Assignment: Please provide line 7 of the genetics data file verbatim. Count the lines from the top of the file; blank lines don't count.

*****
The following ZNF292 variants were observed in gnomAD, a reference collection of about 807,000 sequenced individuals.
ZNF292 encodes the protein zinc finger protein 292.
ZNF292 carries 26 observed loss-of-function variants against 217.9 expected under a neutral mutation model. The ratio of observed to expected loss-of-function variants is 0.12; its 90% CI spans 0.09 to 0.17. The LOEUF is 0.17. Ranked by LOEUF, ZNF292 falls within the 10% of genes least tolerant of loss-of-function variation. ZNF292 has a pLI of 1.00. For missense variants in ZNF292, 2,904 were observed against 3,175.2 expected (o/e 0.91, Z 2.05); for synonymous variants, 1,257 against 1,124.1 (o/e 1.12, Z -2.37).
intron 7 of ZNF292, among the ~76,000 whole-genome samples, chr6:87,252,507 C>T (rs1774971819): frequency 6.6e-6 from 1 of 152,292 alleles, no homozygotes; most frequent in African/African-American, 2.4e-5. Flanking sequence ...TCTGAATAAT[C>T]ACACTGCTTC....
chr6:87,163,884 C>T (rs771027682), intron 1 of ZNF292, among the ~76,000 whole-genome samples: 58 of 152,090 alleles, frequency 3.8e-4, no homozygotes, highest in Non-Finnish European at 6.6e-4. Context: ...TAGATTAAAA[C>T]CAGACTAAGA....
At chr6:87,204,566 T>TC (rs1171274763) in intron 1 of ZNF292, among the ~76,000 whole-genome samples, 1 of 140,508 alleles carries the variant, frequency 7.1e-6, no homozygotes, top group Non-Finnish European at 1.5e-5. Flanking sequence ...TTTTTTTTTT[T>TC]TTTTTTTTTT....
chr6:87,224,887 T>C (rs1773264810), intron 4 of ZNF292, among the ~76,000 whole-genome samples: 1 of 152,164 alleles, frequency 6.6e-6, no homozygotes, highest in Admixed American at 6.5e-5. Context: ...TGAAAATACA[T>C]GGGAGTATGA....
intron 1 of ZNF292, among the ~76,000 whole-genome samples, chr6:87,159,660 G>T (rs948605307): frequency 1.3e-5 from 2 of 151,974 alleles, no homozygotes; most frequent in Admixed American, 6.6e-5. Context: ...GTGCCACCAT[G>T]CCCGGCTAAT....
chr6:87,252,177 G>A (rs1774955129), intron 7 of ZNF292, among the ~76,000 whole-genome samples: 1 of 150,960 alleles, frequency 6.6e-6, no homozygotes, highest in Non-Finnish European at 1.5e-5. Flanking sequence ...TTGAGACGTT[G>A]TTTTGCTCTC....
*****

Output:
chr6:87,224,887 T>C (rs1773264810), intron 4 of ZNF292, among the ~76,000 whole-genome samples: 1 of 152,164 alleles, frequency 6.6e-6, no homozygotes, highest in Admixed American at 6.5e-5. Context: ...TGAAAATACA[T>C]GGGAGTATGA....